Today marks the first month since the 2021 legislative session began Jan. 11. Committees are busy holding public hearings and passing bills before the first major deadline of the session, which is Monday, Feb. 15. That’s the house of origin policy cutoff. Any policy bills that have not passed by that date from their respective committees in the chamber (House/Senate) where they were introduced may be “dead” for the year. Fiscal house of origin cutoff is one week later, Feb. 22, for bills that involve appropriating money. View the session cutoff calendar here.
It’s no exaggeration when you hear that serving in a legislative session is like “drinking from a firehose.” As of this morning, 1,002 bills in total have been introduced — 540 in the House and 462 in the Senate. Due to the session being held remotely, I’m told there are fewer bill introductions this year. However, it’s still a lot of legislation in 30 days. We’ve been working long hours in our committees, trying to improve or eliminate bad legislation and advance good bills and ideas. It’s an exhausting process, but I feel so incredibly honored to serve the citizens and my communities across the 20th District.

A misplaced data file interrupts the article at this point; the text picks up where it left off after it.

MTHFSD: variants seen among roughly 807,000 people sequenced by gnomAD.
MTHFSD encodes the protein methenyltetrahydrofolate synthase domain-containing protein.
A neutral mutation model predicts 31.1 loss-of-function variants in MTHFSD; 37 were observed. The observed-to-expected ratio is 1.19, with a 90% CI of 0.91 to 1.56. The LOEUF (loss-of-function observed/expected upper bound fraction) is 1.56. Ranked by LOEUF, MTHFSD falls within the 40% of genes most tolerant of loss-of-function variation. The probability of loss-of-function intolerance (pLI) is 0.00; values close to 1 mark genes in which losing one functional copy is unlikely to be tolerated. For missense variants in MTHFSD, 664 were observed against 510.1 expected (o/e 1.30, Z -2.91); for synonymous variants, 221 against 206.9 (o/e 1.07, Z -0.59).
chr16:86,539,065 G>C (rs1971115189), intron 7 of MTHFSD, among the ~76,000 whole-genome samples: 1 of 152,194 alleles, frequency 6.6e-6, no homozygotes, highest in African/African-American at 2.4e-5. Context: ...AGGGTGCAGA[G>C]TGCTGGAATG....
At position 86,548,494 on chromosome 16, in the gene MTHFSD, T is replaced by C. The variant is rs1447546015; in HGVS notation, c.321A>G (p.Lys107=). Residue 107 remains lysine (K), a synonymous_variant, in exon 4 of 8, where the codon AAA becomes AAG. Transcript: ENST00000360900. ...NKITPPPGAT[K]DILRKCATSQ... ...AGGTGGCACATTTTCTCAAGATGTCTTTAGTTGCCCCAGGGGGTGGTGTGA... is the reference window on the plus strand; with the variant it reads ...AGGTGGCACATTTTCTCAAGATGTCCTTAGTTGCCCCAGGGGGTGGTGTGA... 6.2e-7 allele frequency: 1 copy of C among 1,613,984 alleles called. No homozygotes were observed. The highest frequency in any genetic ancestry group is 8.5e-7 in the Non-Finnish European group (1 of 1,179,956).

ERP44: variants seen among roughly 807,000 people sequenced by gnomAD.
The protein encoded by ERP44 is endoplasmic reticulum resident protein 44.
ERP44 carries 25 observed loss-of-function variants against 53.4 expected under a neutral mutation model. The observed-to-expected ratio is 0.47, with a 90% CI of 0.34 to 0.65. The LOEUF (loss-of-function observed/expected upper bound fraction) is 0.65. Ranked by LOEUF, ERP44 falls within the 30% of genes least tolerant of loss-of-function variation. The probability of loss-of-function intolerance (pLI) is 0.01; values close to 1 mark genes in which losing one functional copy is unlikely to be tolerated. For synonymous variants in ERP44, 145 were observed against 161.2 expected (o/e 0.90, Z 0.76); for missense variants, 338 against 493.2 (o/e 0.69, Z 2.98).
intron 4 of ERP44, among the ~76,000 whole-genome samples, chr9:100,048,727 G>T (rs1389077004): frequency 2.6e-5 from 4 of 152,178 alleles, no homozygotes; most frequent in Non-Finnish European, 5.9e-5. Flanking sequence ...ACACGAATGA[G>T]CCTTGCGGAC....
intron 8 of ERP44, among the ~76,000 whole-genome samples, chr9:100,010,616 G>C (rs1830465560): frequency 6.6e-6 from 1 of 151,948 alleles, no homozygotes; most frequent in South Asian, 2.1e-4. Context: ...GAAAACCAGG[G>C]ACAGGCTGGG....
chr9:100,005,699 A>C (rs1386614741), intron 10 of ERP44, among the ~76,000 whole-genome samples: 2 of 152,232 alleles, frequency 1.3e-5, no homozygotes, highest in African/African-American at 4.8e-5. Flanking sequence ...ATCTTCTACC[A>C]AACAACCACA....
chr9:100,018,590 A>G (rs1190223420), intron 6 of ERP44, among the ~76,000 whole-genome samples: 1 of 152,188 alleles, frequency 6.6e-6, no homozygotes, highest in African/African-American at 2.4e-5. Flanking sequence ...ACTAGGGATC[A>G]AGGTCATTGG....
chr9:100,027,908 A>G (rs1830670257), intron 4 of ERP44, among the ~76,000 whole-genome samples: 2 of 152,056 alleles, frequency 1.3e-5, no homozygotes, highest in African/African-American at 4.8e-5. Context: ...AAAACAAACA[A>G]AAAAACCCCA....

After the cutoff, roughly two-thirds of these bills will not likely advance and our attention will shift from committee action to the House floor where we will debate and pass legislation that did survive the cutoff.
Abbarno advancing bipartisan legislation
I’m pleased to report my two bills have both taken steps to advance in the House.
- House Bill 1055, which I co-sponsored with Rep. April Berg, D-Mill Creek, passed the House unanimously last Friday, Feb. 5. This bipartisan effort extends the reporting requirements for timber purchases from July 1, 2021 to Sept. 30, 2025. State law requires every purchaser of more than 200,000 board feet of privately-owned timber to report the purchase to the Department of Revenue on or before the last day of the month in which the purchase took place. Information gathered by these reports helps the timber industry establish stumpage values for trees commercially harvested in Washington. I’m proud of the work we put into this bill. It shows that if we work together, Republicans and Democrats, we can accomplish great things. Learn more about this bill here.